The European Central Bank on Thursday launched its most aggressive effort to date to revive the region's ailing economy — a program to buy 1.1 trillion euros in government and private bonds starting in March. But experts question whether the bank's move alone will be sufficient to correct a flailing eurozone economy dragged down by sluggish growth and structural failures in many of its member nations.
The long-awaited bond-buying program, also called quantitative easing, was an emphatic statement of the willingness of the European Central Bank (ECB) to do all it can to rejuvenate the economy shared by the 19-nation euro currency alliance. And it showed the ECB's readiness to assert its independence from Germany, the eurozone's largest and most politically influential country, where critics have opposed the plan.
Years of anemic growth and sinking inflation have raised the specter of deflation in the eurozone, one the factors behind ECB President Mario Draghi decision to act. He indicated publicly in December that the scope of the bank's quantitative easing would be announced in late January.
The ECB said it would combine purchases of government bonds with an existing smaller program of private bond purchases, to total 60 billion euros a month through September 2016. All told, the program will amount to 1.1 trillion euros, or $1.16 trillion.
According to data released by Eurostat, the European Union’s statistical agency, the eurozone’s inflation rate in December slipped unexpectedly low to -0.2 percent, a fall of half a percentage point from the previous month.
The size of the program exceeded investors' expectations. Draghi pledged to keep it going until the central bank sees a "sustained adjustment" in lifting inflation above dangerously low levels — in other words, for as long as it takes, possibly beyond the September 2016 target.
By pumping new money into the eurozone's banking system, the ECB's bond purchases are intended to make loans cheaper and easier to get so companies can invest, expand and hire.
Its success will, in large part, be determined by the performance of national economies within the eurozone, which have had wildly divergent fortunes since the start of the 2008 global financial crisis. Germany’s unemployment rate, for example, stands at a healthy 5 percent, according to EU data, while joblessness in Greece and Spain hovers near 25 percent, and eight other eurozone countries registering at least 10 percent. Those numbers spike when focused on youth unemployment, which surpasses 50 percent in Spain and Greece.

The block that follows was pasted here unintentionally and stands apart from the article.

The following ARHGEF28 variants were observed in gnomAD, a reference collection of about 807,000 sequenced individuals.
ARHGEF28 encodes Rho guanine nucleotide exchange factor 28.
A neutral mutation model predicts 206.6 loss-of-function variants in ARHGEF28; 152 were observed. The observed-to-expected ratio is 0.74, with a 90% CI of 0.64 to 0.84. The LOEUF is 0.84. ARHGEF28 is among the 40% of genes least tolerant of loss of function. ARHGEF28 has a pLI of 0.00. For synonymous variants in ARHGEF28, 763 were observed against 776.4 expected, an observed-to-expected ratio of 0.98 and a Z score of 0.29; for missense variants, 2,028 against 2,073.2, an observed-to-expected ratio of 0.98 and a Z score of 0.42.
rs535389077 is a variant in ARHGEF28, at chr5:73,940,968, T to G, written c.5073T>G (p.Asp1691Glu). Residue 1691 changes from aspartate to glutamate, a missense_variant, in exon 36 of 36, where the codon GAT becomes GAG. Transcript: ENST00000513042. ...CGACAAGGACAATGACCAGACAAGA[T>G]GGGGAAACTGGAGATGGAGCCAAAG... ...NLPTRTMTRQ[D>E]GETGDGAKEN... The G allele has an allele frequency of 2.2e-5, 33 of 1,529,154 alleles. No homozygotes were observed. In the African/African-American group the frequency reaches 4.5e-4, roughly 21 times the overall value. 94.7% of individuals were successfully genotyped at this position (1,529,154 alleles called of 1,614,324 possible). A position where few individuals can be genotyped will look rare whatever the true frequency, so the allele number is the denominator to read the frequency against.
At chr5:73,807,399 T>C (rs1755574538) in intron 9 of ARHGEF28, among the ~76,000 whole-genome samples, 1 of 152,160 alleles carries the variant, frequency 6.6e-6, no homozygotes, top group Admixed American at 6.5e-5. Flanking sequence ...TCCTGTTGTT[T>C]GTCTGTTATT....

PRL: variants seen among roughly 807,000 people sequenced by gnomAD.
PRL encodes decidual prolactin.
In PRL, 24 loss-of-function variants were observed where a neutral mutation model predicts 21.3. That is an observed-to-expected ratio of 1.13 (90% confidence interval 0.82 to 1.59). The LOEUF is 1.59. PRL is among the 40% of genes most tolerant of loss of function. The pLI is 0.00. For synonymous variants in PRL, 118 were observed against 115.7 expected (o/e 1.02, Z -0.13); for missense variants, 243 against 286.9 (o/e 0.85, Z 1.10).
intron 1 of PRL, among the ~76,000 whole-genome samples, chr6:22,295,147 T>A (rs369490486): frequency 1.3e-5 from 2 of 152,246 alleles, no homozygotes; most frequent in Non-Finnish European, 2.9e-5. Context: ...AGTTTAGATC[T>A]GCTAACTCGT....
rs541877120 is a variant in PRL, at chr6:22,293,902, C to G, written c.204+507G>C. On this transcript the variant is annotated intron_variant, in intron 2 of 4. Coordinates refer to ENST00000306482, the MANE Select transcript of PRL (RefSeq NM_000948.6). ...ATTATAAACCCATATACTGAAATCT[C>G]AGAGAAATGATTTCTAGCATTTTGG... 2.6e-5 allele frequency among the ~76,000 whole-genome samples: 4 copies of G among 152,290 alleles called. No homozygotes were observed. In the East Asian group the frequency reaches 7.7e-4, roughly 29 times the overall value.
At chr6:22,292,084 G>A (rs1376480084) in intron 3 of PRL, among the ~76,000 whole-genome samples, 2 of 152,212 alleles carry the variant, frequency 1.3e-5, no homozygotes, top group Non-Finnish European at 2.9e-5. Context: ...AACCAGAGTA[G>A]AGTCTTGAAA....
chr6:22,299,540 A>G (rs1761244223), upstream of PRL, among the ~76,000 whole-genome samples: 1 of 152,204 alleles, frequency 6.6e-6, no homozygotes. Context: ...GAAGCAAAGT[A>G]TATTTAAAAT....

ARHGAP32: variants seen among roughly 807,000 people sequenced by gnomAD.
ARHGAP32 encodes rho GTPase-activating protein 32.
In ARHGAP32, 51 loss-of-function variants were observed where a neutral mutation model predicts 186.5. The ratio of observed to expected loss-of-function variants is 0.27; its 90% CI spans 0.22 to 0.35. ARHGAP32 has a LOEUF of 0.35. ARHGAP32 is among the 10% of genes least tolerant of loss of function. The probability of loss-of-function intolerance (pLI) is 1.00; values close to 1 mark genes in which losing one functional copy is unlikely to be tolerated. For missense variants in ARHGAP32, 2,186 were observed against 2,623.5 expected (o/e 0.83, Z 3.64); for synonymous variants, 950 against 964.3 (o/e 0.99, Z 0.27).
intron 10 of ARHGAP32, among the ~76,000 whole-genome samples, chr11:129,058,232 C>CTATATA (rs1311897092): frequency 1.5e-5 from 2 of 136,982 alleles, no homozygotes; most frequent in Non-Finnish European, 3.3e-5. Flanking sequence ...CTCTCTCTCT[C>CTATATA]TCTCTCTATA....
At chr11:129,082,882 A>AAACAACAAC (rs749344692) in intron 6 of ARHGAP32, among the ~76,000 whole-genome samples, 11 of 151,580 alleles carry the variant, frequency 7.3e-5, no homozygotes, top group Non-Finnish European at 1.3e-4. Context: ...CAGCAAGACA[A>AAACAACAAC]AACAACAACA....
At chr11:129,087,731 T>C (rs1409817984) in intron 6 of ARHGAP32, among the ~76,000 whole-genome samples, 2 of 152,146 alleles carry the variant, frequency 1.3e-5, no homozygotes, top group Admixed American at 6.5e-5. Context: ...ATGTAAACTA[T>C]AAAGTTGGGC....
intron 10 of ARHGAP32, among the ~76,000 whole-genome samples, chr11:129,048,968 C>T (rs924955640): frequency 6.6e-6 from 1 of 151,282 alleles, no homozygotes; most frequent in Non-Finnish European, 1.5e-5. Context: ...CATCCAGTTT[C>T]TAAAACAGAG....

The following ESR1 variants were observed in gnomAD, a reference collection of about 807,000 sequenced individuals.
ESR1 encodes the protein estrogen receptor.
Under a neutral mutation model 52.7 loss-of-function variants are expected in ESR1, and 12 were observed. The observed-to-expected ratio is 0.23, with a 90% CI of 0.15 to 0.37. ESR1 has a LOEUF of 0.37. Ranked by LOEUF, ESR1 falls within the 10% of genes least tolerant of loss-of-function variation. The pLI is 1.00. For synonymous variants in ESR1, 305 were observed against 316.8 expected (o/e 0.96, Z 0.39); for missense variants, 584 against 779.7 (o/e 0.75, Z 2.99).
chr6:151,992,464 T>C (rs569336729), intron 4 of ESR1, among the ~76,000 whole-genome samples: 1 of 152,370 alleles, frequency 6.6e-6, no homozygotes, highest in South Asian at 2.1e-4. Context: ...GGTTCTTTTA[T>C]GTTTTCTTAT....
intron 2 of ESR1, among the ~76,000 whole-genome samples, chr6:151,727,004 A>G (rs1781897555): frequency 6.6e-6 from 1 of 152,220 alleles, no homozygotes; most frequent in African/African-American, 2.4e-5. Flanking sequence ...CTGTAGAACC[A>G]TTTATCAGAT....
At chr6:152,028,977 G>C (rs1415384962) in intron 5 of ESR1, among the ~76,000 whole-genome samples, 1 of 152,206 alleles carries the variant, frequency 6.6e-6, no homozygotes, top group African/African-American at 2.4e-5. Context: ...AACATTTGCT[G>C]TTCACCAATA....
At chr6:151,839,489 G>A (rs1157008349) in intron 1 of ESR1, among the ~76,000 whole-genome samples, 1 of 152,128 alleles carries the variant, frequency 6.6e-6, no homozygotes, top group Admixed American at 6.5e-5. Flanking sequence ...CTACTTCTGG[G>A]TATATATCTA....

Many analysts believe that the ECB's bond buying program will not succeed without further action by national governments in the currency union.
“Rather than preventing fragmentation and dysfunction in financial markets, the bank is looking to deliver outcomes that actually depend on policy adjustments largely beyond the reach of its own tools,” wrote Mohamed A. El-Erian, chief economic adviser at Allianz SE, in the Financial Times. “When it comes to pro-growth structural reforms, a rebalancing of demand, combating excessive indebtedness, and completing an economic union among eurozone member countries, the ECB is dependent on political actors.”
Unlike the Federal Reserve in the United States, the ECB has been reluctant to enact, or unable to agree upon, steps to more forcefully expand the money supply. Those efforts by the Fed, which have held interest rates at near zero as part of a broader government bond-purchasing scheme, have resulted in more than $3 trillion entering the U.S. economy since 2008. The U.S. economy, while still subject to stagnating wages and underemployment, is now on a relatively stronger economic footing than that of Europe.
In addition to the challenge of governments with widely varied economic pictures and competing economic priorities, the eurozone lacks a common debt instrument. The Fed’s quantitative easing relied on U.S. treasury securities, common to all 50 U.S. states.
In comments at Davos, Switzerland, before the ECB announcement, German Chancellor Angela Merkel underlined the primacy of national governments. "Whatever decision the ECB makes, it must not distract from the fact that the actual impulses for growth from sensible conditions must be created, and can be created, by politicians," she said.
Draghi has faced opposition from two German members on the governing council of the ECB. German Bundesbank head Jens Weidmann has argued that bond purchases could stick German taxpayers with losses in case of default and has complained that the new stimulus would take pressure off governments, such as those of France and Italy, to ease regulations on hiring and firing and make their economies more business- and growth-friendly.
At the opposite end of the economic spectrum, Greece could soon exit the currency union altogether. Greeks will vote in national elections this weekend, in which Syriza, a leftist coalition, is leading in the polls. Syriza has campaigned against German-led bailouts that required painful budget cuts and austerity measures that many in Greece felt were too onerous. The coalition advocates renegotiating the terms of the bailouts, which could effectively lead to a Greek exit.
Economists noted that Draghi had said only 20 percent of purchases would be the responsibility of the ECB. This means the bulk of any potential losses, should a eurozone government default on its debt, would fall on national central banks. Critics say this casts doubt over the unity of the eurozone and its principle of solidarity, and countries with already high debts could find themselves in yet deeper water.
Al Jazeera and wire services. With additional reporting by Tom Kutsch